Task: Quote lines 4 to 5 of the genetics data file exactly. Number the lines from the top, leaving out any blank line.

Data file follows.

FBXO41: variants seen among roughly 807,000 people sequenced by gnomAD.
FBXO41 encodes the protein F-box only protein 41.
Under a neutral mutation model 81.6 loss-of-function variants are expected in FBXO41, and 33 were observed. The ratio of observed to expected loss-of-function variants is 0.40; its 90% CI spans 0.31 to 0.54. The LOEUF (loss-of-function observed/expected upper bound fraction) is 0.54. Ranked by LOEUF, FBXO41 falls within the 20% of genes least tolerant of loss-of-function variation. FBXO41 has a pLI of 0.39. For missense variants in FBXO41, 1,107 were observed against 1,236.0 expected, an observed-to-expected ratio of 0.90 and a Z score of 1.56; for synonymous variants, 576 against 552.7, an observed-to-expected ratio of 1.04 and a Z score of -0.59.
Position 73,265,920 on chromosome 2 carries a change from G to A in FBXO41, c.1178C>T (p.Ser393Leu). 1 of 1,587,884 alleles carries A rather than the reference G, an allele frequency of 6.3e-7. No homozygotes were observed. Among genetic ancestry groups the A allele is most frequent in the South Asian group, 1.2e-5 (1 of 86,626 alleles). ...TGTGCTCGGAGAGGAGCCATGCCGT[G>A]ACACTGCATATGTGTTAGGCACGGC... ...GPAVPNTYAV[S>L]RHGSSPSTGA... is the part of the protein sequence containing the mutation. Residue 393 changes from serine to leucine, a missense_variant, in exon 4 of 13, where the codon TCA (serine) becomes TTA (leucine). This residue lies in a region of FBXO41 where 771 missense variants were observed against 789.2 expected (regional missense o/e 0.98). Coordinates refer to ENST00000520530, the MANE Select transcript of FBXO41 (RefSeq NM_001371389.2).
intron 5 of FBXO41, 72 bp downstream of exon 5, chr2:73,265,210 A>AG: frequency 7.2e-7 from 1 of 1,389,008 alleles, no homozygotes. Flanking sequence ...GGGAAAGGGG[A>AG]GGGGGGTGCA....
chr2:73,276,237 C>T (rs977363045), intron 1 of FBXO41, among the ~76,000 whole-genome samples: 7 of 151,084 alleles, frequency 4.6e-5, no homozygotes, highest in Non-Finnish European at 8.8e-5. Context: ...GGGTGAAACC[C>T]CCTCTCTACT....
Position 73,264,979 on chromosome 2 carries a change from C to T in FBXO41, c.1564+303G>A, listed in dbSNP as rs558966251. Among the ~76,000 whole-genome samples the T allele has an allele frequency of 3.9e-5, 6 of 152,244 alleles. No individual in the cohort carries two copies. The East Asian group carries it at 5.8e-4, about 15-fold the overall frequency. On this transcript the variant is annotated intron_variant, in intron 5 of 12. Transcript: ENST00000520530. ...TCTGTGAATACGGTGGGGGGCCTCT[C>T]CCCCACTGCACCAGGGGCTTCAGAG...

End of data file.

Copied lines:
Position 73,265,920 on chromosome 2 carries a change from G to A in FBXO41, c.1178C>T (p.Ser393Leu). 1 of 1,587,884 alleles carries A rather than the reference G, an allele frequency of 6.3e-7. No homozygotes were observed. Among genetic ancestry groups the A allele is most frequent in the South Asian group, 1.2e-5 (1 of 86,626 alleles). ...TGTGCTCGGAGAGGAGCCATGCCGT[G>A]ACACTGCATATGTGTTAGGCACGGC... ...GPAVPNTYAV[S>L]RHGSSPSTGA... is the part of the protein sequence containing the mutation. Residue 393 changes from serine to leucine, a missense_variant, in exon 4 of 13, where the codon TCA (serine) becomes TTA (leucine). This residue lies in a region of FBXO41 where 771 missense variants were observed against 789.2 expected (regional missense o/e 0.98). Coordinates refer to ENST00000520530, the MANE Select transcript of FBXO41 (RefSeq NM_001371389.2).
intron 5 of FBXO41, 72 bp downstream of exon 5, chr2:73,265,210 A>AG: frequency 7.2e-7 from 1 of 1,389,008 alleles, no homozygotes. Flanking sequence ...GGGAAAGGGG[A>AG]GGGGGGTGCA....